UNITED NATIONS: Pakistan told the United Nations Tuesday that poverty in the country was being reduced, while child mortality and maternal health efforts were ‘works-in-progress’, even though the government was engaged in fighting terrorism and frequent natural disasters.
“Our efforts to promote women empowerment by enhancing their representation in national and provincial legislatures and enacting appropriate legal framework … are producing tangible results,” Masood Khan, Pakistan’s permanent representative to the U.N., told the Economic and Social Council, the world body’s economic arm.
He was speaking in a general debate, in which government representatives took stock of the progress made thus far on the anti-poverty Millennium Development Goals (MGDs), while searching for key lessons learned to take forward as they designed a follow-on, post-2015 development agenda.
The Pakistani envoy said greater success had been hampered by security concerns, the fight against terrorism and natural disasters, but his country was determined to overcome such challenges.
“The focus of Prime Minister Muhammad Nawaz Sharif’s Government on economic growth and development is unrelenting,” he told delegates from around the world. Education and health spending as a ratio of GDP was being doubled and the prime minister’s programme for providing a credit line to young entrepreneurs, quality education, life skills and vocational training was creating new opportunities for them.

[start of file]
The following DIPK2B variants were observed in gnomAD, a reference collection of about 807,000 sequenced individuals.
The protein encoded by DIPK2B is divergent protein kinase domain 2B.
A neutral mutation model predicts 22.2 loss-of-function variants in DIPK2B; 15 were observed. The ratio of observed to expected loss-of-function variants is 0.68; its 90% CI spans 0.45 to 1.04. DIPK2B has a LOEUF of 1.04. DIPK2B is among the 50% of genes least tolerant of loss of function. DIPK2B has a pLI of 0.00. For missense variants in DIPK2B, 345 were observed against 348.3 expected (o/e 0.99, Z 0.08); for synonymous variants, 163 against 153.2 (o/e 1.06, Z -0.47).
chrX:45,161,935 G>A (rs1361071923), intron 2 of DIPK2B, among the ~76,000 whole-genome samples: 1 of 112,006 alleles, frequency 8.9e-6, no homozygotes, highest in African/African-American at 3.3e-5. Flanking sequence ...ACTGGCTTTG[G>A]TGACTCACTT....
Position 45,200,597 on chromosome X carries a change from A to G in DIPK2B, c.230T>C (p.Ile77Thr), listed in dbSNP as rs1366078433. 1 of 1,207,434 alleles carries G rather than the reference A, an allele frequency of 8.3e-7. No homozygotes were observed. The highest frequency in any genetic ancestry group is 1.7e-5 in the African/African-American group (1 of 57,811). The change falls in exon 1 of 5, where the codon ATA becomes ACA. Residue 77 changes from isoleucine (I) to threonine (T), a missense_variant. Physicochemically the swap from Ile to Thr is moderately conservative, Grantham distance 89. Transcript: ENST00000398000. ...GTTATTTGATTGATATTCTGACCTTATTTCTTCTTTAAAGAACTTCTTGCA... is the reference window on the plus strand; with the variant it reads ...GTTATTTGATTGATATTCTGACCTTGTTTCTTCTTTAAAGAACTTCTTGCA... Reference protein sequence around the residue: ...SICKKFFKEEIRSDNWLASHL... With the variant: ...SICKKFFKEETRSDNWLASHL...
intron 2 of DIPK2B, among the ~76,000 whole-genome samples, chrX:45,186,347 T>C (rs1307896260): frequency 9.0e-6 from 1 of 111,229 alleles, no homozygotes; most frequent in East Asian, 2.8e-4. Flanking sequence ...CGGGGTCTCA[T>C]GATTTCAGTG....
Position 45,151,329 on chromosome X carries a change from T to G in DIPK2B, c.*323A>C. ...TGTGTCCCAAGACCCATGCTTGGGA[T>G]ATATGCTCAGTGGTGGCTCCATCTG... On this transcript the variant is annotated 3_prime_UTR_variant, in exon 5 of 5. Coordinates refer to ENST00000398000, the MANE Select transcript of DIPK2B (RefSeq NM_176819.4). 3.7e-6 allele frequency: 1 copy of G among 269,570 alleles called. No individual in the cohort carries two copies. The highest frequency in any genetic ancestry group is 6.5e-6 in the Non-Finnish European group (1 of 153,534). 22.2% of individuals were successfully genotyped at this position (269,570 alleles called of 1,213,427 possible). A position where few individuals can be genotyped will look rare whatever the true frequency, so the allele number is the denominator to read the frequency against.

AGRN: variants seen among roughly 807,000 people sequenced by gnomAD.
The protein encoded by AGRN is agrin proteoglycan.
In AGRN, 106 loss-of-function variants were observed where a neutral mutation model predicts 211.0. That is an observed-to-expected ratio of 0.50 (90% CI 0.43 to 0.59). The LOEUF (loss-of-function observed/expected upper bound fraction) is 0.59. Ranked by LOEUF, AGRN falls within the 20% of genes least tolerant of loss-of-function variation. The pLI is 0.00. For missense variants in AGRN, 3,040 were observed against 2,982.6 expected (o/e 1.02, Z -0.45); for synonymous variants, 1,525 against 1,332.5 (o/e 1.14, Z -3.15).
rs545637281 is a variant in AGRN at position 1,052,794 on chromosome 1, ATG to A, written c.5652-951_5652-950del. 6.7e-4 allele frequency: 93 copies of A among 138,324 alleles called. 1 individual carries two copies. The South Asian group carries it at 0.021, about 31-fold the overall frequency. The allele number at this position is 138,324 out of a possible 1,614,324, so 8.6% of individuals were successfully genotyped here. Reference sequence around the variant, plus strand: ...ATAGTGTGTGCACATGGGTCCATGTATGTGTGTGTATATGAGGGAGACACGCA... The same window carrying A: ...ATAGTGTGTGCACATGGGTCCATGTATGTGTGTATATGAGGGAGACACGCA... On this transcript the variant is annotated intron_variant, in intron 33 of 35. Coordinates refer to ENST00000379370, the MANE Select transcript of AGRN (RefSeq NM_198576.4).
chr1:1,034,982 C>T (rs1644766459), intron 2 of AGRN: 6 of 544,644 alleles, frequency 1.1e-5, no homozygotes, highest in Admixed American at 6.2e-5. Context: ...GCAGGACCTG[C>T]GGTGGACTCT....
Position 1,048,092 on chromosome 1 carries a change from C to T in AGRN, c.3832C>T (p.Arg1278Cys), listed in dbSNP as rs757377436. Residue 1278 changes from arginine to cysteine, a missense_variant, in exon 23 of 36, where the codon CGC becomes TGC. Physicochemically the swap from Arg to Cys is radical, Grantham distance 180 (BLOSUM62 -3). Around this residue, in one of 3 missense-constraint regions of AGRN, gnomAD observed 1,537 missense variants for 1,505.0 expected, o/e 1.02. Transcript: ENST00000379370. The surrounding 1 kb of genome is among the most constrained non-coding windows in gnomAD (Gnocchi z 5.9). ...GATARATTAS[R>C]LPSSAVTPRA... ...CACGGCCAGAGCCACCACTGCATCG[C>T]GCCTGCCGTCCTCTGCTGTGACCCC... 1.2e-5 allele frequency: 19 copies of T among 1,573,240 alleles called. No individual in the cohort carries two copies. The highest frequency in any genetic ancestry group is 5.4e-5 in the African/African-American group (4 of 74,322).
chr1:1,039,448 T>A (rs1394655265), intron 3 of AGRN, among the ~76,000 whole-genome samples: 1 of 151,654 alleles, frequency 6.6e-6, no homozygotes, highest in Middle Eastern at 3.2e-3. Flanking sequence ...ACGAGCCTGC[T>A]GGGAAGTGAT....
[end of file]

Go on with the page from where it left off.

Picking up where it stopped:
Similarly, he said that energy, infrastructure and communications projects would provide the much-needed impetus for economic growth – the economic growth that would provide the foundations of equitable development.
Earlier, UN Secretary-General Ban Ki-moon released the Millennium Development Goals Report 2014, describing it as “the most-to-date global scorecard”. Eradicating extreme poverty was a defining challenge and even more clearly an imperative to building stable societies and tackling growing inequality, in rich and poor countries alike, he said.
Masood Khan said the Secretary-General’s report demonstrated that the glass was more than half full and that some of the results towards achieving the Millennium Development Goals were “spectacular”. However, progress had been uneven, he said.
Poverty eradication and sustainable development were linked, and climate change was a reality, he said, adding there also should be a strong focus on aid, trade, and financial and technology investments. One could not climb out of poverty without stimulated growth.
Science, technology and innovation were central to that, as knowledge and skills were driving forces.
Furthermore, the Pakistani envoy said financing should not become “our big blind spot”, and search for resources should not founder on politics. Rather, it should be guided by sound economics.